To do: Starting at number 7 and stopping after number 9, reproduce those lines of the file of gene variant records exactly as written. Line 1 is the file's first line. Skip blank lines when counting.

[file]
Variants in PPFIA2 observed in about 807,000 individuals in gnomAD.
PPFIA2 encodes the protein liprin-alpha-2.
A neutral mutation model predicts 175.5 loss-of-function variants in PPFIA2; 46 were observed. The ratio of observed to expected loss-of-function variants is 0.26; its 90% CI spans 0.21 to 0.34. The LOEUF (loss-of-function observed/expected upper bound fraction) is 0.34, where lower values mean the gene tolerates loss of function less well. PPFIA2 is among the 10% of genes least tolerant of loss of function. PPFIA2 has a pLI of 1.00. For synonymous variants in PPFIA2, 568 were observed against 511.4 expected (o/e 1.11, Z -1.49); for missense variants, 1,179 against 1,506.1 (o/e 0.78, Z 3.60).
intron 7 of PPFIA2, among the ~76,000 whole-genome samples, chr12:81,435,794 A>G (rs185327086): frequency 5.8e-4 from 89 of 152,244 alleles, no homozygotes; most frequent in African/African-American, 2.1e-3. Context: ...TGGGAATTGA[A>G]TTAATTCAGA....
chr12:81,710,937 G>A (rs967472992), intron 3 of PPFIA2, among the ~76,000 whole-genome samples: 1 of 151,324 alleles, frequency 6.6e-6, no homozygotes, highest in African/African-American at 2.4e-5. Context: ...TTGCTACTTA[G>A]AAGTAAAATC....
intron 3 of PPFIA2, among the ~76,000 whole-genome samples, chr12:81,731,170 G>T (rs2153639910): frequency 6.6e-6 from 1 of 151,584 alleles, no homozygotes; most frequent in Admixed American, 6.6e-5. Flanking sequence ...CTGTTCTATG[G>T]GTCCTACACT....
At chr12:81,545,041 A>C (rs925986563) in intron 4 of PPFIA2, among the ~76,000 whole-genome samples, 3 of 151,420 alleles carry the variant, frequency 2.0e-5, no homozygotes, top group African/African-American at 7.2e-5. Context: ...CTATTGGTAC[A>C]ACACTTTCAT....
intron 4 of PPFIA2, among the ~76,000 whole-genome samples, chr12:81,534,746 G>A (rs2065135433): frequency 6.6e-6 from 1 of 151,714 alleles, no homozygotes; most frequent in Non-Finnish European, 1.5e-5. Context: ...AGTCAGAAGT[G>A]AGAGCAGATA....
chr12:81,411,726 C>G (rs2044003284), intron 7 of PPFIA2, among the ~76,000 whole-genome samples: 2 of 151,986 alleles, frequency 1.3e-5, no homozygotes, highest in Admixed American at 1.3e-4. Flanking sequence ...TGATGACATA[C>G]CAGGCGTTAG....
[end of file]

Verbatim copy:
At chr12:81,545,041 A>C (rs925986563) in intron 4 of PPFIA2, among the ~76,000 whole-genome samples, 3 of 151,420 alleles carry the variant, frequency 2.0e-5, no homozygotes, top group African/African-American at 7.2e-5. Context: ...CTATTGGTAC[A>C]ACACTTTCAT....
intron 4 of PPFIA2, among the ~76,000 whole-genome samples, chr12:81,534,746 G>A (rs2065135433): frequency 6.6e-6 from 1 of 151,714 alleles, no homozygotes; most frequent in Non-Finnish European, 1.5e-5. Context: ...AGTCAGAAGT[G>A]AGAGCAGATA....
chr12:81,411,726 C>G (rs2044003284), intron 7 of PPFIA2, among the ~76,000 whole-genome samples: 2 of 151,986 alleles, frequency 1.3e-5, no homozygotes, highest in Admixed American at 1.3e-4. Flanking sequence ...TGATGACATA[C>G]CAGGCGTTAG....